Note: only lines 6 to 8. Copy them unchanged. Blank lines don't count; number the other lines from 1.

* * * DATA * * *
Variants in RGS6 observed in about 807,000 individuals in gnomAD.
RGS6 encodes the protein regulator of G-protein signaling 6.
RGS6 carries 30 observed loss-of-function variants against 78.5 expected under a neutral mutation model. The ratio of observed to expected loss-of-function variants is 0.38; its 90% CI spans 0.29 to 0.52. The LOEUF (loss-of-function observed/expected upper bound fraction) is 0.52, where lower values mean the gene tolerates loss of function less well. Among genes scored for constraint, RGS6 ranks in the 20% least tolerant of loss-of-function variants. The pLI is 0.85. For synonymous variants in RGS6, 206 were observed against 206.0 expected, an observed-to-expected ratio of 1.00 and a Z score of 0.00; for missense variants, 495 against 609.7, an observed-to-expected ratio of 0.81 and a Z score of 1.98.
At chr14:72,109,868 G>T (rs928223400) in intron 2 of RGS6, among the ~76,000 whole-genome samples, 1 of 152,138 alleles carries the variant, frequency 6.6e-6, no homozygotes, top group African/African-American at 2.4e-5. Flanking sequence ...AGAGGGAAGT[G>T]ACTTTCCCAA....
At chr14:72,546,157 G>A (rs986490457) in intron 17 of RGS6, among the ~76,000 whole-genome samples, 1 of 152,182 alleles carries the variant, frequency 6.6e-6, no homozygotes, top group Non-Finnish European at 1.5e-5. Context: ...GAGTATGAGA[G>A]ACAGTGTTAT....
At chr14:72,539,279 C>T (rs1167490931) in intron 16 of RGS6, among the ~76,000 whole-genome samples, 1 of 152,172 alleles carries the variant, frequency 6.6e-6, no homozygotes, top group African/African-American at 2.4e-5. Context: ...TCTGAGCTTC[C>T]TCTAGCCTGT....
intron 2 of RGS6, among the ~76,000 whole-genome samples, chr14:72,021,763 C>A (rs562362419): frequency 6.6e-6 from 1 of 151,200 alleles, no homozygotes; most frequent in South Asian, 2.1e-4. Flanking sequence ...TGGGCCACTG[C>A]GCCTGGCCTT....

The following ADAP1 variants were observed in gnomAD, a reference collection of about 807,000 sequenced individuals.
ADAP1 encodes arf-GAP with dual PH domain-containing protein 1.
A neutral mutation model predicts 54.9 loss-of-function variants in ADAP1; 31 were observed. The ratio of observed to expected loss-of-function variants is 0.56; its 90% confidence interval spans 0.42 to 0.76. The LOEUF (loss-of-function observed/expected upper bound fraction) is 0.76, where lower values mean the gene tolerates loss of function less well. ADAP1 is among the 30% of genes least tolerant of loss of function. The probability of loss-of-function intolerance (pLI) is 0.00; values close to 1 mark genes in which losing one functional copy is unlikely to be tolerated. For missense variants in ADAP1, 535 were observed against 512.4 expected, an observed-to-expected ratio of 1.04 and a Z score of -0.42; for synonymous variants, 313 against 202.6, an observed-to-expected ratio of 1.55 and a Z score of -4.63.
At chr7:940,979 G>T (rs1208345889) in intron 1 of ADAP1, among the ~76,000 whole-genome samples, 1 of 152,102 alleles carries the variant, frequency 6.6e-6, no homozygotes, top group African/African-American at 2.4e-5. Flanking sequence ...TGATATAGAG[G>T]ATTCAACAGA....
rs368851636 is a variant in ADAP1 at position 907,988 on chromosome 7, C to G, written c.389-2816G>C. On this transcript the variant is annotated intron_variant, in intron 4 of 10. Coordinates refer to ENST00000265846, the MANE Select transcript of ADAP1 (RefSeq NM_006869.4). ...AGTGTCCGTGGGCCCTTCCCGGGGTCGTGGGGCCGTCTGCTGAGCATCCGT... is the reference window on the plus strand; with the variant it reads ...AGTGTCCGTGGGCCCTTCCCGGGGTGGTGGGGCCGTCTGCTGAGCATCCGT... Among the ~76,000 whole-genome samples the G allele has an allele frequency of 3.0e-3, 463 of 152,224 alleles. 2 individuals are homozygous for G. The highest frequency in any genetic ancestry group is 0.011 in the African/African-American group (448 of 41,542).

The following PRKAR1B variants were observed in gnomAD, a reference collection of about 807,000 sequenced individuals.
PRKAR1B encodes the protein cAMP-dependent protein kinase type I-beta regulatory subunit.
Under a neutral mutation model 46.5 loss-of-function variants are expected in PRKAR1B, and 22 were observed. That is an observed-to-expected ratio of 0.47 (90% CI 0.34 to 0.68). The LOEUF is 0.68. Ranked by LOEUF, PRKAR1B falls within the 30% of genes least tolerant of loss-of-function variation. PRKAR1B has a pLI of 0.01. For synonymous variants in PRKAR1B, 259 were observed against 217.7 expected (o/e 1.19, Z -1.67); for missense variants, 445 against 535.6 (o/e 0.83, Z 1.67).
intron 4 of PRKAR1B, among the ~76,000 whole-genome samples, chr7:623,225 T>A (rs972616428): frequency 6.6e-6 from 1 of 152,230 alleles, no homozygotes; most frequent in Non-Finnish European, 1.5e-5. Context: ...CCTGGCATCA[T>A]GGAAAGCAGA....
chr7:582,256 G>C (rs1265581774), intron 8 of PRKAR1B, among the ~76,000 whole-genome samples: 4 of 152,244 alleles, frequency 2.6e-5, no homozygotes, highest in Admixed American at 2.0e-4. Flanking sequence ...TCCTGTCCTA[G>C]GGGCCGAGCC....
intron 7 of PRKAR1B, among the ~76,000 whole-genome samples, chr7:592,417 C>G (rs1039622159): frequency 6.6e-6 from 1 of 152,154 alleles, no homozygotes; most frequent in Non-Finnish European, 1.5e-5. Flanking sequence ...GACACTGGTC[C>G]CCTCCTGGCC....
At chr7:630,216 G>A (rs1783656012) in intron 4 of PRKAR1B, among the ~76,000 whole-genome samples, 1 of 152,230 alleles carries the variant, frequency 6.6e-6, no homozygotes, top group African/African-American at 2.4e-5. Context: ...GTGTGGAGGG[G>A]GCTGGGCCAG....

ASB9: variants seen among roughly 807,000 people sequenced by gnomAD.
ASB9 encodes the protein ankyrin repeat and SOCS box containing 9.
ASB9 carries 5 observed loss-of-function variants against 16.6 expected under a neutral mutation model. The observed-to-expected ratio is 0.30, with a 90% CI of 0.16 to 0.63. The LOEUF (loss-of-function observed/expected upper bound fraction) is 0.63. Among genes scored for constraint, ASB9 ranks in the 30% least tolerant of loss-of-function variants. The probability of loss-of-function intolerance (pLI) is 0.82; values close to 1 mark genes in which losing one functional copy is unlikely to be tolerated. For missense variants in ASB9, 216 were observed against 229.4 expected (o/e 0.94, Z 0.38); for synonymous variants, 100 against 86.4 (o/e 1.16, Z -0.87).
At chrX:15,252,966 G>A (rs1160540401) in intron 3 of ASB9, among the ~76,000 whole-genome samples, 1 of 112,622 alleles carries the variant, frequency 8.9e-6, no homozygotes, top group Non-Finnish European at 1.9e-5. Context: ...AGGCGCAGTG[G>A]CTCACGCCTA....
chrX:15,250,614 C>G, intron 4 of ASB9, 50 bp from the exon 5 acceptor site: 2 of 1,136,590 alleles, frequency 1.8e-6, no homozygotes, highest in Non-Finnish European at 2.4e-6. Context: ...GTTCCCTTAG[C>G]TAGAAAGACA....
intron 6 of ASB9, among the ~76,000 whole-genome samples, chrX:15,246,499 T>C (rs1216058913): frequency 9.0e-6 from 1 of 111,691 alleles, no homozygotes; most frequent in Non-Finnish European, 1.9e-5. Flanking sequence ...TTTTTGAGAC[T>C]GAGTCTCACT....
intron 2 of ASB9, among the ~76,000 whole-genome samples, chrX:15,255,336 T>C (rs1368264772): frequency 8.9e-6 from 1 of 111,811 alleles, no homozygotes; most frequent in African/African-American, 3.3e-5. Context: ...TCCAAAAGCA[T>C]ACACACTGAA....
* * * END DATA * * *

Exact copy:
At chr14:72,539,279 C>T (rs1167490931) in intron 16 of RGS6, among the ~76,000 whole-genome samples, 1 of 152,172 alleles carries the variant, frequency 6.6e-6, no homozygotes, top group African/African-American at 2.4e-5. Context: ...TCTGAGCTTC[C>T]TCTAGCCTGT....
intron 2 of RGS6, among the ~76,000 whole-genome samples, chr14:72,021,763 C>A (rs562362419): frequency 6.6e-6 from 1 of 151,200 alleles, no homozygotes; most frequent in South Asian, 2.1e-4. Flanking sequence ...TGGGCCACTG[C>A]GCCTGGCCTT....

The following ADAP1 variants were observed in gnomAD, a reference collection of about 807,000 sequenced individuals.